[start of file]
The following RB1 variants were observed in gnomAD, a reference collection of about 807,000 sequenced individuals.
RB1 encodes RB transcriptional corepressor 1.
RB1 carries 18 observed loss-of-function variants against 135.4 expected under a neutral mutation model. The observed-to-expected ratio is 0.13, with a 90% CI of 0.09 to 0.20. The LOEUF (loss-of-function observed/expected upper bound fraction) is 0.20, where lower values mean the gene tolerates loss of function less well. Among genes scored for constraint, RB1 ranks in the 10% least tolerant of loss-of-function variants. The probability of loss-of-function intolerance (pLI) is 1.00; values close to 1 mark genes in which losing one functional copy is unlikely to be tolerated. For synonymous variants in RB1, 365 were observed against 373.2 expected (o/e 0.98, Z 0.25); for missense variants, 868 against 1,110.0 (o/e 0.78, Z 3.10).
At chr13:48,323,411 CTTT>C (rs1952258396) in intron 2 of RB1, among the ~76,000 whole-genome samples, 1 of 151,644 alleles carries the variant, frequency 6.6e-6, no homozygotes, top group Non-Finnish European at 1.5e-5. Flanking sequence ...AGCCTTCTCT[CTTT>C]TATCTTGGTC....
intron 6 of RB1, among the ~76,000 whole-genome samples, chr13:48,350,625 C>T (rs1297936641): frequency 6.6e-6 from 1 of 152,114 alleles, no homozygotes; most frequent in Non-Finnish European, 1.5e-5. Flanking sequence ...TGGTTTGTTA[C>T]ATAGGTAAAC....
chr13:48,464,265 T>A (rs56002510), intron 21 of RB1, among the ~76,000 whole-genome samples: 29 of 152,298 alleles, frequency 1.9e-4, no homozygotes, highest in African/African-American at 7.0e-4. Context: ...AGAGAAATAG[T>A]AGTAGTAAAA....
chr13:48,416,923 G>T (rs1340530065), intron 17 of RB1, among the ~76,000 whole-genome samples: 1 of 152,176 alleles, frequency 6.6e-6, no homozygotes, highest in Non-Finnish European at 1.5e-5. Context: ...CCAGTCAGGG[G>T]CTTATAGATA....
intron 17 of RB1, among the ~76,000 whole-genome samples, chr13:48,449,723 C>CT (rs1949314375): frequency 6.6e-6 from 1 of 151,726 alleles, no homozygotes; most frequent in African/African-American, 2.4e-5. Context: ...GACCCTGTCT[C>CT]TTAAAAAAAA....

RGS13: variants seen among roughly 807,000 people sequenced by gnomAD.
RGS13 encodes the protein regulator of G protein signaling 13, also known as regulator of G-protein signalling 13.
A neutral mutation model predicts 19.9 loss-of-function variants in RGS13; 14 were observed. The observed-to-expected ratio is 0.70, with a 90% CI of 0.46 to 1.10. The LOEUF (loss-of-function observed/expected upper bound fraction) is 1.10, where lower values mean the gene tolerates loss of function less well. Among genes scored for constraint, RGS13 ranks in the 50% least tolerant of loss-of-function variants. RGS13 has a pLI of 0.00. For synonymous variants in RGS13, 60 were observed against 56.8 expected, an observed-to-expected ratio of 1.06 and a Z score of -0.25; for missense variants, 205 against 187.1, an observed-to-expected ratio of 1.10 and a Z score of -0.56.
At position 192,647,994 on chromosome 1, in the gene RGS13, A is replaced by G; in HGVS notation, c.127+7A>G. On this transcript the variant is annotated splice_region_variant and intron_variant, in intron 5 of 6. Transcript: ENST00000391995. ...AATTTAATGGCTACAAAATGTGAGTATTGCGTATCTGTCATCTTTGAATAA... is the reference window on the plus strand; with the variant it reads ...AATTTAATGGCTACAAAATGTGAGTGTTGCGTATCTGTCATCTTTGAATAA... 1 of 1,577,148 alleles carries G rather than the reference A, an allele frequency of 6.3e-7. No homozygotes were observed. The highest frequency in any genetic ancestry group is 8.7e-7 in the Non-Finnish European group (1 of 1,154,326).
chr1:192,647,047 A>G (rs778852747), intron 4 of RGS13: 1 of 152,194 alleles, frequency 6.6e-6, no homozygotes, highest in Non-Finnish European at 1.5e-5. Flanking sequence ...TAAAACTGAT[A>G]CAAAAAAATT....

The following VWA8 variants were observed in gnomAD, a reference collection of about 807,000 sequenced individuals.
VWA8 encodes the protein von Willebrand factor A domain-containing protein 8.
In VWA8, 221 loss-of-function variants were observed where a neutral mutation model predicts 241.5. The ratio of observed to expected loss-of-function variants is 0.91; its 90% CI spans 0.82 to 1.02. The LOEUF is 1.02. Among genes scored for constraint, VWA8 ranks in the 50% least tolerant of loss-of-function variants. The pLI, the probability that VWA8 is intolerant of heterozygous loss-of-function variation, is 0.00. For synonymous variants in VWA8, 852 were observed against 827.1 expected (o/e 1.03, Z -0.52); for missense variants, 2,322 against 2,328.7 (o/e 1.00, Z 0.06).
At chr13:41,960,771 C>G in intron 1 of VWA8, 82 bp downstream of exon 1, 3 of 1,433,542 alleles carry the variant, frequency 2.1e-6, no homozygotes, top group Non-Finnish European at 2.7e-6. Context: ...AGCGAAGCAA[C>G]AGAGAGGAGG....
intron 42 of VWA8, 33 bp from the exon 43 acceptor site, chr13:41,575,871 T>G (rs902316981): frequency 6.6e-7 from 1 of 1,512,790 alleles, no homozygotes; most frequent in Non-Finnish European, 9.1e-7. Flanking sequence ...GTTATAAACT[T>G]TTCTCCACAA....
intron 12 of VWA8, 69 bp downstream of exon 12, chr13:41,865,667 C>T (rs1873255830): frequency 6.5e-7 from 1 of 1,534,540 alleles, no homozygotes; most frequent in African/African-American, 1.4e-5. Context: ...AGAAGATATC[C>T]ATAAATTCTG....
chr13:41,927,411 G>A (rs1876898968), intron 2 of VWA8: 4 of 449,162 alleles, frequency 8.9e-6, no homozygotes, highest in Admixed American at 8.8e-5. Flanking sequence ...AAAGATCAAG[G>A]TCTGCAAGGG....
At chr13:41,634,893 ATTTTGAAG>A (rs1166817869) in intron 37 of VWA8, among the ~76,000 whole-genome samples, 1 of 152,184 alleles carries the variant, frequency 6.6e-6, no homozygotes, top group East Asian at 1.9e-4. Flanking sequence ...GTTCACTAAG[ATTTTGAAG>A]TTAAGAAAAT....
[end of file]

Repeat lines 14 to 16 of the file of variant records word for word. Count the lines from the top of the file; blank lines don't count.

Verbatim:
The following VWA8 variants were observed in gnomAD, a reference collection of about 807,000 sequenced individuals.
VWA8 encodes the protein von Willebrand factor A domain-containing protein 8.
In VWA8, 221 loss-of-function variants were observed where a neutral mutation model predicts 241.5. The ratio of observed to expected loss-of-function variants is 0.91; its 90% CI spans 0.82 to 1.02. The LOEUF is 1.02. Among genes scored for constraint, VWA8 ranks in the 50% least tolerant of loss-of-function variants. The pLI, the probability that VWA8 is intolerant of heterozygous loss-of-function variation, is 0.00. For synonymous variants in VWA8, 852 were observed against 827.1 expected (o/e 1.03, Z -0.52); for missense variants, 2,322 against 2,328.7 (o/e 1.00, Z 0.06).